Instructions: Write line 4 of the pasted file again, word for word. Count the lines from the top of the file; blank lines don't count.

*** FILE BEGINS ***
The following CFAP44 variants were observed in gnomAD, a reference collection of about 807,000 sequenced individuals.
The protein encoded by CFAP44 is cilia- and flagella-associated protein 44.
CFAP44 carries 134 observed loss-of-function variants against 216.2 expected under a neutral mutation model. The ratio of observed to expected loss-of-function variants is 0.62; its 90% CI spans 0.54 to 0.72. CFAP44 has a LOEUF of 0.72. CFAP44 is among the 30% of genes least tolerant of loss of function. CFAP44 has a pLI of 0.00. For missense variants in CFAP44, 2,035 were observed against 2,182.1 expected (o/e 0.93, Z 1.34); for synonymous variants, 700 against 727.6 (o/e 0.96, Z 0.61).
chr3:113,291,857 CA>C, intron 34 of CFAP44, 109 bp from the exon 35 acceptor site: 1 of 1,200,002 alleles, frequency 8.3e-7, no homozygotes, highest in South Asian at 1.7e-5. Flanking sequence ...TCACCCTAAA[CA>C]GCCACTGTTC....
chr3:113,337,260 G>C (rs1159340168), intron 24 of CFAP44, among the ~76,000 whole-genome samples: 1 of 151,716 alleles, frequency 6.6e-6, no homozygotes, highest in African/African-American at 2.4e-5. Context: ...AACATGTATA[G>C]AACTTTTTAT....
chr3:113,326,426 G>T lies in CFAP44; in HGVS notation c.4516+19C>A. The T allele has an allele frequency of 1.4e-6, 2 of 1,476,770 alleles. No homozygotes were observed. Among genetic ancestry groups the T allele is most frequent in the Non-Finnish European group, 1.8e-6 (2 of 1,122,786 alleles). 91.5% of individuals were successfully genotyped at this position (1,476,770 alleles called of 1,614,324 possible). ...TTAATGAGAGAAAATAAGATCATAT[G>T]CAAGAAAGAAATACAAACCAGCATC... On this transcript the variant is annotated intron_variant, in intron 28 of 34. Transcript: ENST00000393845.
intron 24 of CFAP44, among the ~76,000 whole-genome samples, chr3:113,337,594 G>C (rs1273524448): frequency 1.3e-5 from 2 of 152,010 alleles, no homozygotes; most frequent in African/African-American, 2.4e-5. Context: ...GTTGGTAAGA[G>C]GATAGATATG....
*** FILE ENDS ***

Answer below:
chr3:113,291,857 CA>C, intron 34 of CFAP44, 109 bp from the exon 35 acceptor site: 1 of 1,200,002 alleles, frequency 8.3e-7, no homozygotes, highest in South Asian at 1.7e-5. Flanking sequence ...TCACCCTAAA[CA>C]GCCACTGTTC....